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Made this for my older sister for her birthday

Step 1: Make Strips

Begin by cutting strips 1/2" thick x 3/4" wide. Out of black walnut and pine. However long you want it.. (maybe a little long to allow for error)

Step 2: Dry Assembly and Glue Prep

Dry assemble the pieces to make sure they are going to fit, move the clamps to the right size (a little bigger to allow for movement while gluing the pieces) and tape up the rail to prevent unwanted gluing.

Step 3: Clamp and Dry

Once you glue the pieces, begin to tighten up the clamps. I used three clamps to prevent arching of the wood, I also used two dummy boards to prevent clamp marks and apply even pressure.

Step 4: Smooth Things Up

After allowing the strips to dry into a soild board (24 hours), and run it through the planer on both sides till smooth.

Step 5: Cut Off the Excess

Cut off the pieces that are sticking out make all the pieces even and flush.

Step 6: Round the Edges

Use a router with a rounding bit and round the edges on both sides...

Step 7: Sand Down

Use 100 grit sandpaper and sand the entire piece rounding the corners. Then use 150 grit sandpaper and sand it down again for a smooth finish

Step 8: Wax Coating

Once it is sanded down, it is time to coat it. I used a gulf wax and mineral oil mix, melted down using a double boiler. Apply four coats to both sides, let each coat sit for 20 mins before wiping off the excess wax.

Step 9: The Hard Part

clean-up

Step 10: Finished Projet

Once done your cutting board will resist water and be easy to clean. You may need to apply a coat from time to time depending on your usage.
<p>Nice looking board but isn't pine a little soft for a cutting board? I use all hardwood on mine and they still get dinged up pretty good after a few months.</p>
Thank you for your comment, you are probably right. I am new to woodworking, and pine boards was what I had access to at the time that was lighter than the black walnut. I have old oak boards that I used to make a island but it seemed too dark to use with the black walnut. What would you suggest I use that is as light as pine yet as strong as black walnut..?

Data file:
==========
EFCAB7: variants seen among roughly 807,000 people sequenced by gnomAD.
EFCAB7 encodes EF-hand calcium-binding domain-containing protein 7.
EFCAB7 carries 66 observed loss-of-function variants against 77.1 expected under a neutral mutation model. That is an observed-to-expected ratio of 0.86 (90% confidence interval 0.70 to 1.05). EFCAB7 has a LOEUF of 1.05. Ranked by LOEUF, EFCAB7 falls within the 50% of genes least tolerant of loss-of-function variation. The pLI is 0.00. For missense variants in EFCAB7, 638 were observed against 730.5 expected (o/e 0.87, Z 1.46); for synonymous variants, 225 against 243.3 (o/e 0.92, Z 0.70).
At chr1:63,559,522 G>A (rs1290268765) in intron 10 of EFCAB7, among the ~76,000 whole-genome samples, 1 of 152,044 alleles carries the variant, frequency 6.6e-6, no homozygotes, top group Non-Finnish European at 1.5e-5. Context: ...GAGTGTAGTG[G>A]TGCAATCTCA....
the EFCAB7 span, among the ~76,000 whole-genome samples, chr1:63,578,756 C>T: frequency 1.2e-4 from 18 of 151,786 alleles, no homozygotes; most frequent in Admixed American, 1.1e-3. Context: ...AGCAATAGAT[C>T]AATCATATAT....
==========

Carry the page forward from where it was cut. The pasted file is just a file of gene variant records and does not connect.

<p>As dirtbikedude mentioned hard maple is probably the wood of choice but it's pretty spendy. I live in an area where ash and silver maple (about 60% the hardness of hard maple) is available so I usually can talk a tree service out of a few pieces and then mill my own. Lot's more work but then a lot more satisfaction when offering the finished product to someone. As I said above yours looks great but make sure to keep up on oiling it so that bacteria doesn't collect.</p>
maybe y'all will know what type of wood this is... I know it is a hard wood.. but not sure what type...
<p>I'm not great at identifying wood but the left picture looks like oak (if as you said it is a hardwood) but I can't really tell for sure. If there are other trees like it nearby you might be better able to id it positively. Check out this link: <a href="http://forestry.about.com/od/treeidentification/tp/tree_key_id_start.htm" rel="nofollow">http://forestry.about.com/od/treeidentification/tp...</a></p><p>good luck! </p>
found it on our horse property
It really isn't a good idea to use pine in a cutting board, not only is it a very soft wood and dents easily it can absorb the taste of things you have previously chopped. A good contrast with the walnut boards is either hard maple or even yellowheart.

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Bio: I am a Christian and Love my God! I am single, I live with my family. I was home schooled, I have my B.A ... More »
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